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Hey All - As some of you know, my sunrise and sunset app is no longer available. The app featured 34 sunrise and sunset photo tips. Because the app is no longer available, I thought I'd share all of my tips in this post. Enjoy!Read More
Happy Friday! I hope you get to see some great sunsets over the weekend. If you do, here are five quick tips to help you get great shots.
Starburst Effect. When the sun is in the frame, set your aperture to f/22 to get the starburst effect. The wider the lens, the more pronounced the starburst effect. Also, make sure your lens is totally clean. Even a tiny speck of dust can look like a big blobg in a picture when you are shooting into the sun. Location: Spearfish, South Dakota.
No Filters. When shooting into the sun, remove all filters from your lens, even your skylight filter. When a filter is on your lens, the sunlight passes through the filter and may (depending on the angle of the sun) bounce off the front element of your lens and back onto the filter, creating a ghost image of the sun in your frame - which you see here. Location: Key West, Florida.
Foreground Element. When ever possible, use a foreground element to add a sense of scale to your photograph. Also, the more “layers” you have in a scene, the greater the sense of depth. Here there are three layers: bird in the foreground, birds in mid-frame, and the mountains/sun in the background. Location: Bosque del Apache, New Mexico.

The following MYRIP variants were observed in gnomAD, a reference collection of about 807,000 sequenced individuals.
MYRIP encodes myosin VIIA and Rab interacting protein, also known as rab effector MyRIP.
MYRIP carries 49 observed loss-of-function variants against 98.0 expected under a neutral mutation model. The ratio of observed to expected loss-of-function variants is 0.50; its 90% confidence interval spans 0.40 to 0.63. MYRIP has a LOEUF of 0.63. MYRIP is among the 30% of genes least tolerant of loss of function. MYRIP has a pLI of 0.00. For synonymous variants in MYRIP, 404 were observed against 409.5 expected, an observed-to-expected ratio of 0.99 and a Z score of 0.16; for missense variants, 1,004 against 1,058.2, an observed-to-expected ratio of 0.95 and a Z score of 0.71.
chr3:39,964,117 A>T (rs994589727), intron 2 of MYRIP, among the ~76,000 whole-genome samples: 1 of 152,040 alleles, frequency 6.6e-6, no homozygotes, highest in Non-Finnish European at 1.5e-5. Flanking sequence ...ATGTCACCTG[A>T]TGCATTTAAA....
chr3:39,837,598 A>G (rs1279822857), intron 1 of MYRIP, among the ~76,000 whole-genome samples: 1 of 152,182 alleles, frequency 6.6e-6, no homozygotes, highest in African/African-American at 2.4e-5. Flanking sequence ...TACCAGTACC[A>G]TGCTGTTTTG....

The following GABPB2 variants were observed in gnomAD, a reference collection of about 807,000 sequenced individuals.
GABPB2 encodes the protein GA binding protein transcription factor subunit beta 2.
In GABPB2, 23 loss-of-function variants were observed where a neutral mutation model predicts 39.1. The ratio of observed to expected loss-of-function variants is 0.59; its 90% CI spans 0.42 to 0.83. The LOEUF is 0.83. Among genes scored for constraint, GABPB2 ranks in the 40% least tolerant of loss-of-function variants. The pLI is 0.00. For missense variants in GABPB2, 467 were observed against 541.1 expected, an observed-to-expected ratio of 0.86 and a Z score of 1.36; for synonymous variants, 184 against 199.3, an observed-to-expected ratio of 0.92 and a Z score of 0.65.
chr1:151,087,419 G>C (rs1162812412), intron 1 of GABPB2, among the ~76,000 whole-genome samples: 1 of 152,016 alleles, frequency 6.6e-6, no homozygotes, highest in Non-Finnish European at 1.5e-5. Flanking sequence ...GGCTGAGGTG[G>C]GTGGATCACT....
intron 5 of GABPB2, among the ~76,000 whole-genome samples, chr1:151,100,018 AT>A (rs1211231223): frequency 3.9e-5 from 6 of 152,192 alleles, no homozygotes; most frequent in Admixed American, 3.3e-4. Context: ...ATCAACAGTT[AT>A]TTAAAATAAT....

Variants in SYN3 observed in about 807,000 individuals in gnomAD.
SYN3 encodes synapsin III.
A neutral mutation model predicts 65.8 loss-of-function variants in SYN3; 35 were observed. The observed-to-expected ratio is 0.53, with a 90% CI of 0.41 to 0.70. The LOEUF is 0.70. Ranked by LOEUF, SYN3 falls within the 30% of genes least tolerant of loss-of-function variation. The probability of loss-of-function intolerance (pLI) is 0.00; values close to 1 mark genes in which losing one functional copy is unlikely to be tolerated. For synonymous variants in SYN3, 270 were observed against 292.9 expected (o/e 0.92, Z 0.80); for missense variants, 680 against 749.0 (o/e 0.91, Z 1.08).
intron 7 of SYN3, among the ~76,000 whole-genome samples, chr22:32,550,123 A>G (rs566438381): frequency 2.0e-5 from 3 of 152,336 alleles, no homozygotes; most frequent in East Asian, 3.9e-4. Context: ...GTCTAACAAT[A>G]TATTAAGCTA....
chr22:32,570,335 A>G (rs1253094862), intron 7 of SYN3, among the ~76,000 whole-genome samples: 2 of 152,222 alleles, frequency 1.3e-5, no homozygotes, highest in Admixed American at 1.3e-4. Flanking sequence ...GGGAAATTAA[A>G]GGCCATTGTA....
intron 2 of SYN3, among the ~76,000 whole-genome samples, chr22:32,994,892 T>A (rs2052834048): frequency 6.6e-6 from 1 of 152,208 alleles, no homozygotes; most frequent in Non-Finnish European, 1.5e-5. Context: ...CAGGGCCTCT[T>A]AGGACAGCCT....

Silhouettes. When photographing someone against a sunrise or sunset, have him or her look directly left or right so you can see his or her profile. If they look at the camera, you will not be able to recognize them. Location: Cape Cod, Massachusetts.
Expose for the Highlights. In high-contrast situations, it’s important to expose for the highlights. Make sure your camera’s highlight alert feature is activated and avoid “blinkies.” Also check your histogram and make sure you don’t have a big spike on the right. Location: Spearfish, South Dakota.
Need help finding the best light this weekend? Check out my Photo Sundial app (screen grabs above) on my iPhone and iPad apps page. A Bosque app is there, too.
Have a fun-in-the-sun and creative weekend.
Explore the light,
P.S. If you like photographing horses, I have a few horse photography workshops in 2015.
To celebrate the release of my Photo Sundial app, which runs on the iPhone and the iPad, I am running a series here on my blog: Seven Days of Sunrise/Sunset Photography Tips. Each day I'll share two tips from the Gallery section of the app, for a total of 14 images. Check out all the images in the app, which is on sale until September 30th.
Today is Day 7.
Go for Black-and-White. Strong shadows at sunrise and sunset help to produce dramatic images. Those strong shadows can look even more dramatic in a black-and-white photograph. Remember: light illuminates, shadows define. Topaz Black-and-White Effects and Nik Silver Efex Pro are the two plug-ins I use to create my black-and-white images. Location: Death Valley, California. FYI: I'm doing a workshop in Death Valley in 2014. Info on my 2014 Workshops page.
Adjust Your Exposure. As the sunrises and sunsets, your exposure will be constantly changing – quickly. Keep checking your pictures on your camera’s LCD monitor to make sure you are getting good exposure. Remember: your histogram is your camera's light meter.
Read more about Photo Sundial - the app that helps you find the position of the sun so you can make awesome images - and much, much more.
Explore the light,